On Sunday, September 12, 2021 begins our year-long worship series, a return to the Narrative Journey! Last year, we spent 9 months on a narrative journey: through the Hebrew Scriptures, along with Jesus in the Gospel of Luke, and with Paul and the Early Church into Galatia. Beginning this Fall, it’s time to hit the road again! Beginning 9/12, we will return to the guidance of the Narrative Lectionary.
Like the Revised Common Lectionary, which many churches use weekly and we at FBC have used as one helpful voice in the creation of worship, the Narrative Lectionary is a multi-year listing of Scripture passages for worship use. It helps guide readings in a cyclical pattern, emphasizing seasons within the Church year. What makes the narrative lectionary different from the RCL is that it specifically chooses narratives—stories—that demonstrate God’s work and power throughout Biblical history.
So often, the parts of the Bible that we are most attracted to are the stories: Old Testament narratives of heroes and villains, Gospel stories of Jesus’ healing and teaching, historic narratives of kings and queens and prophets and servants of the Early Church. Many of us remember with joy our childhood Sunday school teachers recounting these wonderful stories. Unfortunately, some of us grow older and think that we have “grown out” of these stories and figures. But scholars of Scripture and scholars of the way the mind works understand that there is deep truth in these narratives. We read about Esther and Eve, about Moses and Mary, about Solomon and Simon Peter…and we see ourselves. We see their foibles and strengths and recognize our own. We see the grace offered by a loving God and know that that grace has been offered to us as well.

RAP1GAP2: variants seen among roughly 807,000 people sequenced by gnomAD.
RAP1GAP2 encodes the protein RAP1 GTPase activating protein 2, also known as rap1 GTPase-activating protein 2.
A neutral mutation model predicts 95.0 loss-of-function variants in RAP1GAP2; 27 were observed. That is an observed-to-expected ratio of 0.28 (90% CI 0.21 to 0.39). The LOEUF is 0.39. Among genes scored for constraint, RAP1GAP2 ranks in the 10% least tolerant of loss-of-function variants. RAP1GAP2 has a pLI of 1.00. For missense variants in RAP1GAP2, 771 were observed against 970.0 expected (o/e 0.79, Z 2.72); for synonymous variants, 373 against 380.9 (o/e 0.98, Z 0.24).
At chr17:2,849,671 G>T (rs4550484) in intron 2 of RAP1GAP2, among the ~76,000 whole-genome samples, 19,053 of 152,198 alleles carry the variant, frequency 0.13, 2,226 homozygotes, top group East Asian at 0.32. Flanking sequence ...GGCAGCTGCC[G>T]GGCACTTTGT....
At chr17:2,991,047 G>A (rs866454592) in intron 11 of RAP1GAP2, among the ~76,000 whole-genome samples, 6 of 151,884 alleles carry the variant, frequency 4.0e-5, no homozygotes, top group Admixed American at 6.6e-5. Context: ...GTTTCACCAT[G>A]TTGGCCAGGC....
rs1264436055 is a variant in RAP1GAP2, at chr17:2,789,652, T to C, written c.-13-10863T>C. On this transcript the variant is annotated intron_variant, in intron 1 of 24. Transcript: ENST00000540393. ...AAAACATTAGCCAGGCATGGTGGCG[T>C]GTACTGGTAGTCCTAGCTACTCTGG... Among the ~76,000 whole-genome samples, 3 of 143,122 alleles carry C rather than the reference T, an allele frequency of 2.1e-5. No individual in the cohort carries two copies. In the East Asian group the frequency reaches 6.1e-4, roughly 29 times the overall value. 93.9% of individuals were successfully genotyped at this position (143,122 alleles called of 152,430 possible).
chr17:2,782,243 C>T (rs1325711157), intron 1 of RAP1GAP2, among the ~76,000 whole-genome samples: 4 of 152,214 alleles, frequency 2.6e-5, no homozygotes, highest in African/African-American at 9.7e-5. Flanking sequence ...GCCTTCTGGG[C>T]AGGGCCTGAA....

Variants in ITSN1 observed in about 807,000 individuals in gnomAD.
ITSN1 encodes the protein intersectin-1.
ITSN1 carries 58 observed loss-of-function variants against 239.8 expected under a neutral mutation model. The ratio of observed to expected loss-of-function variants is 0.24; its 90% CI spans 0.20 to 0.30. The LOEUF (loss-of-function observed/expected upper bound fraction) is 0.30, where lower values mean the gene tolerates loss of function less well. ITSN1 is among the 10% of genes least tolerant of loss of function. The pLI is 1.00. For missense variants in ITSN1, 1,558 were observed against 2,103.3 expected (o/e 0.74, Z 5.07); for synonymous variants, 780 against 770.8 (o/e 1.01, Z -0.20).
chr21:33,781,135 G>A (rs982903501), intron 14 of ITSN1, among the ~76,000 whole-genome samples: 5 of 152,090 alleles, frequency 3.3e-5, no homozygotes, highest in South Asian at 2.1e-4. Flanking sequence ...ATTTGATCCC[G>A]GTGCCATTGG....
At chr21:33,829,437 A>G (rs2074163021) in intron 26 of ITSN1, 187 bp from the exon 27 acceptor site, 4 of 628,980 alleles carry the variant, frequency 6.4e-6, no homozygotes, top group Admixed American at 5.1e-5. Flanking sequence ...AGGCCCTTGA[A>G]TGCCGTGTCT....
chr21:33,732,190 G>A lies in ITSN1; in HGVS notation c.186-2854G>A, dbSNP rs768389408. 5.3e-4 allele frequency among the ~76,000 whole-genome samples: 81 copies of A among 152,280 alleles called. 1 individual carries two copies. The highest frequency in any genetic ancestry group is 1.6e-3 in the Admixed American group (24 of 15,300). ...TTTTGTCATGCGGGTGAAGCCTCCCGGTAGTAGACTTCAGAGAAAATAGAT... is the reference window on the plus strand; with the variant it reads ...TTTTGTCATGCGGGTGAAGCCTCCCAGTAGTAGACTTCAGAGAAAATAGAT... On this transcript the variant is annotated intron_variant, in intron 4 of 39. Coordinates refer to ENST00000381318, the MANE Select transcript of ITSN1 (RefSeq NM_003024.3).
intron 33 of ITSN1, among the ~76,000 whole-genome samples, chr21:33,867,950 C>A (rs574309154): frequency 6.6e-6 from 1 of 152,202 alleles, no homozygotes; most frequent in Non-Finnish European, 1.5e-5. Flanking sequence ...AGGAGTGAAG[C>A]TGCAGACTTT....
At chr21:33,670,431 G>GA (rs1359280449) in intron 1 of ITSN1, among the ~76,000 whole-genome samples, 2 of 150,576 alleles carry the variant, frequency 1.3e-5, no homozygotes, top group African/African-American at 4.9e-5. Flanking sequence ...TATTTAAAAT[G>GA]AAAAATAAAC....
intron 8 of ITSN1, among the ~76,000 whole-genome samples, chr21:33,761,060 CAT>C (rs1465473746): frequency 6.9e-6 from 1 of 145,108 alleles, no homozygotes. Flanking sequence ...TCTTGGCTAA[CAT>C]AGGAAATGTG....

So, pack your bags and get ready for the trip! Instead of a quick jaunt through 3-4 weeks of a single topic, this lectionary will take us through next May. Like last year, we will begin in the Old Testament in September, where we will continue until the Fourth Sunday of Advent. Then, the journey enters the Gospels (John’s Gospel this year) until the third week after Easter, when we begin to explore the story of the Early Church, especially Paul and the story of Philippi.
Again, we will skip and jump through these stories (it is a four-year cycle, so if you don’t see your favorite story this year, it will likely return down the road!) And we will probably adjust the schedule as life happens and things change.
See the graphic for the first few weeks of the journey as we begin. What you will see in these first weeks, and as a constant throughout the year, is that God provides what we need. So as a new season begins, let us gather with joy in that promise of God’s love and provision!